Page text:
For anyone interested in nutrition and health, this is a cool book to read. Or if you’re interested in finding out about how food processing giants have meticulously figured out how to capture/hook/tantalize us, and are locked with one another in a capitalistic death spiral towards higher profits and higher sugar/fat/salt loads, then I would also recommend you give Salt Sugar Fat a once over.

The Cool Impossible, by Eric Orton and Christopher McDougall

Book number two that I’ve read recently, and subsequently forgot to articulate my thoughts about. The Cool Impossible by Eric Orton and Christopher McDougall, is closely related to Born to Run by Christopher McDougall (Eric Orton was Chris’s Coach for the climactic 50mile race at the end of Born to Run). However, it focused more about the fitness, strength (physical and mental), and technique in running – whereas Born to Run presented  a broad scientific background for how people are essentially running machines.

I was absoloutely captivated by this book – If I recall correctly, I think I read the whole thing from start to finish in less than 10 hours. I haven’t gotten a chance to try many of the strength / stability exercises listen in this book (I’m living in a tent for the summer, and workout equipment is hard to fit in my dome), but they seem appropriate for anyones level, novice to advanced. I did, however, practice trying to run with proper form, as detailed in the book, and I like to think it made a difference. By lifting my knees and driving my leg upward / forward as I run (step over those logs), and being conscious of where I was landing on my foot, I substantially improved the pace of my running. I had never run so fast, so easily, for so long. One of the other lessons that was emphasized greatly in The Cool Impossible, that I feel like I ignored, was “Listening to your body”. In terms of strength, technique, mental focus, injury prevention, physical exhaustion, hunger, dehydration, nutrition, and other areas, the most important thing you can do is listen to your body.

It was a pretty short book, and I don’t want to ruin it for anyone who reads this (nobody), so I’ll try to finish this off with a one sentence summary of how I felt after putting the book down. Born to Run inspired me to start running, but The Cool Impossible inspired me to start running stronger and better – and I believe it helped me approach that goal.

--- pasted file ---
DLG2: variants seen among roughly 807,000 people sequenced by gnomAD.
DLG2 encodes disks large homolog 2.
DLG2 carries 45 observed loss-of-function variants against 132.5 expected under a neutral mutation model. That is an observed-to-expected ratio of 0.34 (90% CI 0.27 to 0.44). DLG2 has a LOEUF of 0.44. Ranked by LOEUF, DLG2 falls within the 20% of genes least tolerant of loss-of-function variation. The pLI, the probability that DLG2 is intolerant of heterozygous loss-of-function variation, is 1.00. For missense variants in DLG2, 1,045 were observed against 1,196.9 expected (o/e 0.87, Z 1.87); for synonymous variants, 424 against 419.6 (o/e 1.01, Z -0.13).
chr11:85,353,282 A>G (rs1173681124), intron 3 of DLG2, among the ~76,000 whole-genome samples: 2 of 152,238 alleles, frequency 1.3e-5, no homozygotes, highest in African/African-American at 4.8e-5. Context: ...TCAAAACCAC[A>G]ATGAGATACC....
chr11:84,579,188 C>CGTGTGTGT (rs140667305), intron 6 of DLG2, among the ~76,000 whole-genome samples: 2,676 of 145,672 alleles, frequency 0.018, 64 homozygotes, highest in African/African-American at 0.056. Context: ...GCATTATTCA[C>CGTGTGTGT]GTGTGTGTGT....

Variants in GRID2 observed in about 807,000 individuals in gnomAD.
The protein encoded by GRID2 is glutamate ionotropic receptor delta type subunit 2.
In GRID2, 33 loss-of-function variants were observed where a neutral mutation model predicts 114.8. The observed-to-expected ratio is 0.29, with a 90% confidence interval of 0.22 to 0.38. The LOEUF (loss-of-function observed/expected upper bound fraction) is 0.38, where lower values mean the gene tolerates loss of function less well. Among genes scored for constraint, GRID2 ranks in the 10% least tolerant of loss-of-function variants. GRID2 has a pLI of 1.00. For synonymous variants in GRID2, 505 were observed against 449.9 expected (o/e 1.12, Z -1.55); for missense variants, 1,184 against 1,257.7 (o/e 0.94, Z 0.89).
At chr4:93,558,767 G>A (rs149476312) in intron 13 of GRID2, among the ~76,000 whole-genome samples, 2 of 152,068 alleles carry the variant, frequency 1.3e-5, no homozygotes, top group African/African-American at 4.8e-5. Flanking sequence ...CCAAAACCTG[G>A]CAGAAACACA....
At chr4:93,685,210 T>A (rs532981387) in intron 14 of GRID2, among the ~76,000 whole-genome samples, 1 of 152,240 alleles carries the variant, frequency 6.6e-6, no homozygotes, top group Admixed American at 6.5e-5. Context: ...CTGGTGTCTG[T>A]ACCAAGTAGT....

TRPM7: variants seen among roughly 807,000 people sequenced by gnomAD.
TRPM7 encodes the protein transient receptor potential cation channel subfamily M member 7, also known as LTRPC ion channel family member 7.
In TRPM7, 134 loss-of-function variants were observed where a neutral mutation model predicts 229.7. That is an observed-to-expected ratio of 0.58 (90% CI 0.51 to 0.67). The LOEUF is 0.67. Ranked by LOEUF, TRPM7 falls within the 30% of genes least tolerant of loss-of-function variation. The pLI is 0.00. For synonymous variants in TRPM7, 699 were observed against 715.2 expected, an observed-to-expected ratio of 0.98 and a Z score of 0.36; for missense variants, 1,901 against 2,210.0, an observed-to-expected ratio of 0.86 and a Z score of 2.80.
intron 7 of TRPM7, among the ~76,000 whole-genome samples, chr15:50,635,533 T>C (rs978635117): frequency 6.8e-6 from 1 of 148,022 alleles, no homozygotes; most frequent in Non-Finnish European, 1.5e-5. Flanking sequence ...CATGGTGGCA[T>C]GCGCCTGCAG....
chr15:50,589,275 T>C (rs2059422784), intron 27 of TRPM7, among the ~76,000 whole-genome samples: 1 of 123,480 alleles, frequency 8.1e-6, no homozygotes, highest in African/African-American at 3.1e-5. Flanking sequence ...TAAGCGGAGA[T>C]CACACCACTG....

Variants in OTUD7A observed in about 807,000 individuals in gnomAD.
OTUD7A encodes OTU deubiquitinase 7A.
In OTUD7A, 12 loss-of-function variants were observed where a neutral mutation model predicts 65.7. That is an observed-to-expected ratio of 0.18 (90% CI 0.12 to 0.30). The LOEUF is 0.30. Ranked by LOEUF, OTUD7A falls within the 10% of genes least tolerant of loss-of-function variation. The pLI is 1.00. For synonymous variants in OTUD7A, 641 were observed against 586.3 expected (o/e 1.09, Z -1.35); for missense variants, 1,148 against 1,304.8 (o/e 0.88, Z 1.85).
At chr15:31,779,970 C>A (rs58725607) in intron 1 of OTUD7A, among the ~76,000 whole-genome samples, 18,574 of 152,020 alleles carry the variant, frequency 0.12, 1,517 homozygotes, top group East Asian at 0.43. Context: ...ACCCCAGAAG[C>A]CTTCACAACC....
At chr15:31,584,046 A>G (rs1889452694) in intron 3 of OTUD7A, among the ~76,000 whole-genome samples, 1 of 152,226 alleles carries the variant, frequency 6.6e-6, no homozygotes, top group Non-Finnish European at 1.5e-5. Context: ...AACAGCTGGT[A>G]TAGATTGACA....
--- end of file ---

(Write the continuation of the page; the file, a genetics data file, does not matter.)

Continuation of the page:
Zealot: The Life and Times of Jesus of Nazareth

A few weeks (or a month) ago, I finished reading Zealot: The Life and Times of Jesus of Nazareth, by Reza Aslan. I should have written about it right away, but was quickly distracted by another book. Either way, here is a quick summary of my thoughts on Zealot.

I’m not very well versed in any field of history, let alone biblical history. That coupled with my largely incomplete understanding (or complete ignorance) of religion, I think, helped me approach this subject with a fairly open mind. I think a lot of the arguments presented in the book were fairly sensible. The historical Jesus was a fairly common that existed within the world as it was then – and not quite so different from many of the other prophets before him. Zeal was a common trait of the times, and being highly contagious, Jesus was no exception.

Obviously, it was the biblical/metaphorical/legacy of Jesus – contorted, twisted, sculpted, and revised until a certain and very specific Jesus was created. I don’t remember most of the details of the book (all those names of ancient towns, kings, and priests sound the same to me, and are hard to recall), but the book seems to be based, maybe not on hard evidence (there is a lack in this category supporting any idea from so long ago), but on perhaps solid common sense and inference.

One can see how this book might cause a bit of a commotion within religious (Christian/Catholic??) circles, as it more or less simply calls their prophet – their lord and savior – a regular, blindly zealous, yet largely inspiring common that was crucified just the same as every would be king, son of god, son of man, prophet or messiah that had come before him. The book also goes into details of how the biblical Jesus is just a hyperbolic memory of the historical Jesus.

Either way, books based on religious topics aren’t really favorite thing in the world – I find the subject exhausting and redundant, but it’s good to read up on things that I’m more or less oblivious to, I suppose. At the end of the day, for an activity I’m not really a fan of (religious history – even if it is largely critical of a religion), Zealot was a well written, and detailed argument (from my largely non-existant understanding of the top) of how the life and death of the historic/actual Jesus is likely to have occurred and been perceived in the world of Jesus’ time.